2017 Bourgogne Rouge, Le Chapitre, Vieilles Vignes, Domaine Jean Fournier, Burgundy

2017 Bourgogne Rouge, Le Chapitre, Vieilles Vignes, Domaine Jean Fournier, Burgundy

Product: 20171325409
Prices start from £195.00 per case Buying options
2017 Bourgogne Rouge, Le Chapitre, Vieilles Vignes, Domaine Jean Fournier, Burgundy

Description

This site can count itself very unlucky not to be classified as Marsannay, a quirk of the process when the appellation was created, one which hopefully will be rectified soon. It’s a mix of 1940-planted vines with some young, but very high-quality young vines. Floral and spicy on the nose, the wine is rich, concentrated and pure on the palate with chalky limestone minerality. Outstanding. Drink 2020-2026.


The scars of the 2016 vintage appear to have healed, although with Laurent’s positive attitude that was never in doubt. Having had to compromise his organic status last year to fight the mildew which followed the frost, he has begun organic certification again. Since 2016 Laurent has made a conscious effort to “have faith in the grapes”, and extract less from them, allowing the terroir to speak clearly. The results are exciting, the wines showing more grace, elegance and purity. It is clear that this is one of the success stories of the vintage.
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6 x 75cl bottle
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About this WINE

Domaine Jean Fournier

Domaine Jean Fournier

An up-and-coming domaine in the hands of Laurent Fournier, who has farmed it organically since 2004 and is currently undergoing certification. He is moving towards 350-litre barrels to avoid the overt taste of new wood while still letting the wine breathe through the staves. Marsannay bottlings include Cuvée St-Urbain, Les Longeroies (red and white), Clos du Roy and les Trios Terres old-vines cuvee, made with most of the stems included. Other vineyards include Gevrey-Chambertin and Fixin Les Petits Crais.

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Bourgogne Blanc

Bourgogne Blanc


Bourgogne Blanc is the appellation used to refer to generic white wines from Burgundy, a wide term which allows 384 separate villages to produce a white wine with the label ‘Bourgogne.’ As a result of this variety, Bourgogne Blanc is very hard to characterise with a single notable style, however the wines are usually dominated by the presence of Chardonnay, which is just about the only common factor between them. That being said, Chardonnay itself varies based on the environmental factors, so every bottle of Bourgogne Blanc will vary in some way from the next! Pinot Blanc and Pinot Gris are also permitted for use in Bourgogne Blanc under the regulations of the appellation.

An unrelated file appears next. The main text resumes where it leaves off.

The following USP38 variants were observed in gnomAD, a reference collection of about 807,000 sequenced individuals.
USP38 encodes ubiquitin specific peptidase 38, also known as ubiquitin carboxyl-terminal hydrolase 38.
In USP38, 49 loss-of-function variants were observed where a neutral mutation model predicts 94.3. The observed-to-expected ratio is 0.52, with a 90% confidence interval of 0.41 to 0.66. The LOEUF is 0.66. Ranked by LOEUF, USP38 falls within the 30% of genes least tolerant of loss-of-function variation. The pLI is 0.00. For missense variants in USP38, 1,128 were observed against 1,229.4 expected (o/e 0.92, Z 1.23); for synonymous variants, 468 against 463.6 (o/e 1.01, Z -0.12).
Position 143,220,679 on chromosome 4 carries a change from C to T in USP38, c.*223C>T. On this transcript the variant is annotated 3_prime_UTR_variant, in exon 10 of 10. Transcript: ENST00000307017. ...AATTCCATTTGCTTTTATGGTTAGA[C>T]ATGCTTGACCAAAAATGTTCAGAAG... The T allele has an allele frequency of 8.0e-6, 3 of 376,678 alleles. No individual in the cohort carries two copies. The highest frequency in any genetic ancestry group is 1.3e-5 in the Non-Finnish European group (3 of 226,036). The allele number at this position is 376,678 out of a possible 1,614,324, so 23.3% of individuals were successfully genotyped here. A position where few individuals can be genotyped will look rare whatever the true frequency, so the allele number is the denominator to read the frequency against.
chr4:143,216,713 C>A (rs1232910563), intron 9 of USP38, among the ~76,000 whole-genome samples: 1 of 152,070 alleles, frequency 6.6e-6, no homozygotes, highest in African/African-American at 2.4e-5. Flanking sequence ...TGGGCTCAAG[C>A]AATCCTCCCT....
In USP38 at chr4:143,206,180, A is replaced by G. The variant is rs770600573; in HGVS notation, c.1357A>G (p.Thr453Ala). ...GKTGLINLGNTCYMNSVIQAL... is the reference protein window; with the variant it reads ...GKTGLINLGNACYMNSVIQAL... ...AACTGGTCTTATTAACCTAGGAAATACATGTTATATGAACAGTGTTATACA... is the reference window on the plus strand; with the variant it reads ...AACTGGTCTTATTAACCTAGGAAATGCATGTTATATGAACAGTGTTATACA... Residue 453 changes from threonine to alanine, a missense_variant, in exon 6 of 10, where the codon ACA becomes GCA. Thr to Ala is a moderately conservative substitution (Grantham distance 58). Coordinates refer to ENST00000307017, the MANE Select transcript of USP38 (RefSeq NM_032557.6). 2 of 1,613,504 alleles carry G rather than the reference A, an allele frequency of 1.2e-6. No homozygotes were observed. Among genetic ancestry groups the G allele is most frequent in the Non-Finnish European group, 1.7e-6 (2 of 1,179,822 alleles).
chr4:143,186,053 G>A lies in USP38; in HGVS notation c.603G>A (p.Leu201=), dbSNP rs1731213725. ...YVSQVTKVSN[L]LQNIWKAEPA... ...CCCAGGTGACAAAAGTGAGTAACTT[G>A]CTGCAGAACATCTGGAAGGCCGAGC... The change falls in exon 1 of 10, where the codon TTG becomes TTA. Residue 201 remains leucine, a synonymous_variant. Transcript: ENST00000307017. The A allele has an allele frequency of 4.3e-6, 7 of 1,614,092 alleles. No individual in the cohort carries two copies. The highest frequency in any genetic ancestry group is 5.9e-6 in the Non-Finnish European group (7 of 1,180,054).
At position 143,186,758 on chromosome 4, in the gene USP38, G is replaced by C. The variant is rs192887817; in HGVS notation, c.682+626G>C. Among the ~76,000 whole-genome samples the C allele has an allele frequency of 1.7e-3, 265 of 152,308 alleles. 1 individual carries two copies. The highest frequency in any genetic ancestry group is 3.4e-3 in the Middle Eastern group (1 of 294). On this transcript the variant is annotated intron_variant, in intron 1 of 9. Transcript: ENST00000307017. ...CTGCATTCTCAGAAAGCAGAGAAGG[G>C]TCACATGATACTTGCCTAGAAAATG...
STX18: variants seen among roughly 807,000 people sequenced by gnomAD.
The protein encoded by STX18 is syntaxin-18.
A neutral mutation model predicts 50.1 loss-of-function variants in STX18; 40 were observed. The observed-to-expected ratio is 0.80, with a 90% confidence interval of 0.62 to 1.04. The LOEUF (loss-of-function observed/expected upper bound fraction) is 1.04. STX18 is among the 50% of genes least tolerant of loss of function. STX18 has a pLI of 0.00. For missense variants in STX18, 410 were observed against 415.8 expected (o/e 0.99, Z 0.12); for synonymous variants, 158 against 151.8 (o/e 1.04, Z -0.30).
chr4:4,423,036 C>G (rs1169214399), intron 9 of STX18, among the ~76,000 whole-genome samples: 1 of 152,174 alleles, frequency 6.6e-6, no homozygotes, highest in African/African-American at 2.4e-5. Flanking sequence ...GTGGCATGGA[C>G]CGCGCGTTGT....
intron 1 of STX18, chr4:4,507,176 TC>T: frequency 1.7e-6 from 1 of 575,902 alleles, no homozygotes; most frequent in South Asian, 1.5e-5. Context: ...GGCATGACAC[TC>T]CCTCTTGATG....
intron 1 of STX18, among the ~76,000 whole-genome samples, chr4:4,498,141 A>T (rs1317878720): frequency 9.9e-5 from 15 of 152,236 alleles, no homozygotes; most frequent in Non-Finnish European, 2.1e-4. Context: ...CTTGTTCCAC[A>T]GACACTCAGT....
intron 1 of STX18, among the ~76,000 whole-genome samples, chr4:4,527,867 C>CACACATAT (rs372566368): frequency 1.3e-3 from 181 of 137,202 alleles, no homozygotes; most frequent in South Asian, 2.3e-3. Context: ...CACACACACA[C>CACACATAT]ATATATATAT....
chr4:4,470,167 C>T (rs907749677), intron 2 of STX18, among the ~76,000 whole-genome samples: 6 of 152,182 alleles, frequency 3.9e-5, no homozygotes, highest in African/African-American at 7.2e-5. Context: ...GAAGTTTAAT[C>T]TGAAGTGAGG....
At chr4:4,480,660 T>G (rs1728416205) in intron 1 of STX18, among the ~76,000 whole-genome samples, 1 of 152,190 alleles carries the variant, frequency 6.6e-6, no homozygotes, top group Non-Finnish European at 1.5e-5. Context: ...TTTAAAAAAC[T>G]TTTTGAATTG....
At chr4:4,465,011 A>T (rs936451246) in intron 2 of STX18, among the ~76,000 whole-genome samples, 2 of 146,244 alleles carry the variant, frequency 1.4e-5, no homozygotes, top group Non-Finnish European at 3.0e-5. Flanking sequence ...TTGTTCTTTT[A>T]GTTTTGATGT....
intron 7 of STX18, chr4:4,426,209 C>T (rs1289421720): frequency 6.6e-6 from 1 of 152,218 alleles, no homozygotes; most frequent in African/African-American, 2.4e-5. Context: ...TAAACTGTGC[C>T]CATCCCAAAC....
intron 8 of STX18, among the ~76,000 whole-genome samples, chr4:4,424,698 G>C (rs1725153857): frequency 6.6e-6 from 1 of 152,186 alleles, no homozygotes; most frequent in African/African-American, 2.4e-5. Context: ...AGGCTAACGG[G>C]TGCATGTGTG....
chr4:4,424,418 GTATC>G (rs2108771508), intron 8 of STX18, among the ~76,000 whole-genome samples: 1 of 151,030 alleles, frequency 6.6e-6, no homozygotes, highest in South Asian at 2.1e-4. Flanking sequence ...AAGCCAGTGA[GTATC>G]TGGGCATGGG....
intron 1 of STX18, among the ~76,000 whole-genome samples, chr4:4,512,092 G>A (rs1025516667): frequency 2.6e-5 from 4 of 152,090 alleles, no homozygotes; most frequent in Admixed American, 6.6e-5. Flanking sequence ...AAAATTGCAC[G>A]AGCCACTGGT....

As Bourgogne Blanc is very much an entry-level white wine for most regions in Burgundy, prices are usually very reasonable, and due to the terroir and climate of Burgundy, Bourgogne Blanc wines tend to have a strong acidity to them, combined with a vibrant and often fruity palate when compared with other whites from the New World, say, allowing fantastic matchmaking with many different kinds of food.

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Pinot Noir

Pinot Noir

Pinot Noir is probably the most frustrating, and at times infuriating, wine grape in the world. However when it is successful, it can produce some of the most sublime wines known to man. This thin-skinned grape which grows in small, tight bunches performs well on well-drained, deepish limestone based subsoils as are found on Burgundy's Côte d'Or.

Pinot Noir is more susceptible than other varieties to over cropping - concentration and varietal character disappear rapidly if yields are excessive and yields as little as 25hl/ha are the norm for some climats of the Côte d`Or.

Because of the thinness of the skins, Pinot Noir wines are lighter in colour, body and tannins. However the best wines have grip, complexity and an intensity of fruit seldom found in wine from other grapes. Young Pinot Noir can smell almost sweet, redolent with freshly crushed raspberries, cherries and redcurrants. When mature, the best wines develop a sensuous, silky mouth feel with the fruit flavours deepening and gamey "sous-bois" nuances emerging.

The best examples are still found in Burgundy, although Pinot Noir`s key role in Champagne should not be forgotten. It is grown throughout the world with notable success in the Carneros and Russian River Valley districts of California, and the Martinborough and Central Otago regions of New Zealand.

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